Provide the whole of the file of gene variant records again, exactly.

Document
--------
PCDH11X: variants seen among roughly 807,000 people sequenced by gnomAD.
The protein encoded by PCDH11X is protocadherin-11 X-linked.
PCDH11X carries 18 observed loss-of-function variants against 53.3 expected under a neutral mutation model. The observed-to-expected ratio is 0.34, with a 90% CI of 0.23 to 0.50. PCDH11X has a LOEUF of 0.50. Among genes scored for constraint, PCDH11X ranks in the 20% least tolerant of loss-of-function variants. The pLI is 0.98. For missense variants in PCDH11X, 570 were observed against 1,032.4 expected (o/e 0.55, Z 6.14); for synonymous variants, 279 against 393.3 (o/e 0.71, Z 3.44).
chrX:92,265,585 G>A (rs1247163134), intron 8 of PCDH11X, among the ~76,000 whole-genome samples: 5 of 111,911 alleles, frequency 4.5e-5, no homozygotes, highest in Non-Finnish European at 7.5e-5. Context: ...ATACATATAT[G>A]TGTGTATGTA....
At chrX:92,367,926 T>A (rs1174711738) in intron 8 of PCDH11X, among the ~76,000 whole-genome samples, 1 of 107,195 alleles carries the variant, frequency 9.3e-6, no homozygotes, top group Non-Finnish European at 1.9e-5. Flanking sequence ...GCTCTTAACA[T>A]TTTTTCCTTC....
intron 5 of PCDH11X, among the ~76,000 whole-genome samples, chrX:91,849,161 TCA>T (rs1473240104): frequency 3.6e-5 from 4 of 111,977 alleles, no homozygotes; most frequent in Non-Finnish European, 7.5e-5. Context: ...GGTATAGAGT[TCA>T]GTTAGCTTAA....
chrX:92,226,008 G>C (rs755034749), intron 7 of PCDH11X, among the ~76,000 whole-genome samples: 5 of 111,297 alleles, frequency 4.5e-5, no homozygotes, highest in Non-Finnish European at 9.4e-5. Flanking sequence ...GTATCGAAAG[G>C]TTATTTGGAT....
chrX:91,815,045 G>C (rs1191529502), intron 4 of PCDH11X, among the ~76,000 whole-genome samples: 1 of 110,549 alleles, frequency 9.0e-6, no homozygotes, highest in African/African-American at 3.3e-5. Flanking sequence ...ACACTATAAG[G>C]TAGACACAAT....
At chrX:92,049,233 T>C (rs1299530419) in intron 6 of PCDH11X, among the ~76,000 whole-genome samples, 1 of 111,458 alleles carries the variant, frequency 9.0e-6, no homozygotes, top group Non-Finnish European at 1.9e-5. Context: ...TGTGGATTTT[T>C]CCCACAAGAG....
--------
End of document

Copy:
PCDH11X: variants seen among roughly 807,000 people sequenced by gnomAD.
The protein encoded by PCDH11X is protocadherin-11 X-linked.
PCDH11X carries 18 observed loss-of-function variants against 53.3 expected under a neutral mutation model. The observed-to-expected ratio is 0.34, with a 90% CI of 0.23 to 0.50. PCDH11X has a LOEUF of 0.50. Among genes scored for constraint, PCDH11X ranks in the 20% least tolerant of loss-of-function variants. The pLI is 0.98. For missense variants in PCDH11X, 570 were observed against 1,032.4 expected (o/e 0.55, Z 6.14); for synonymous variants, 279 against 393.3 (o/e 0.71, Z 3.44).
chrX:92,265,585 G>A (rs1247163134), intron 8 of PCDH11X, among the ~76,000 whole-genome samples: 5 of 111,911 alleles, frequency 4.5e-5, no homozygotes, highest in Non-Finnish European at 7.5e-5. Context: ...ATACATATAT[G>A]TGTGTATGTA....
At chrX:92,367,926 T>A (rs1174711738) in intron 8 of PCDH11X, among the ~76,000 whole-genome samples, 1 of 107,195 alleles carries the variant, frequency 9.3e-6, no homozygotes, top group Non-Finnish European at 1.9e-5. Flanking sequence ...GCTCTTAACA[T>A]TTTTTCCTTC....
intron 5 of PCDH11X, among the ~76,000 whole-genome samples, chrX:91,849,161 TCA>T (rs1473240104): frequency 3.6e-5 from 4 of 111,977 alleles, no homozygotes; most frequent in Non-Finnish European, 7.5e-5. Context: ...GGTATAGAGT[TCA>T]GTTAGCTTAA....
chrX:92,226,008 G>C (rs755034749), intron 7 of PCDH11X, among the ~76,000 whole-genome samples: 5 of 111,297 alleles, frequency 4.5e-5, no homozygotes, highest in Non-Finnish European at 9.4e-5. Flanking sequence ...GTATCGAAAG[G>C]TTATTTGGAT....
chrX:91,815,045 G>C (rs1191529502), intron 4 of PCDH11X, among the ~76,000 whole-genome samples: 1 of 110,549 alleles, frequency 9.0e-6, no homozygotes, highest in African/African-American at 3.3e-5. Flanking sequence ...ACACTATAAG[G>C]TAGACACAAT....
At chrX:92,049,233 T>C (rs1299530419) in intron 6 of PCDH11X, among the ~76,000 whole-genome samples, 1 of 111,458 alleles carries the variant, frequency 9.0e-6, no homozygotes, top group Non-Finnish European at 1.9e-5. Context: ...TGTGGATTTT[T>C]CCCACAAGAG....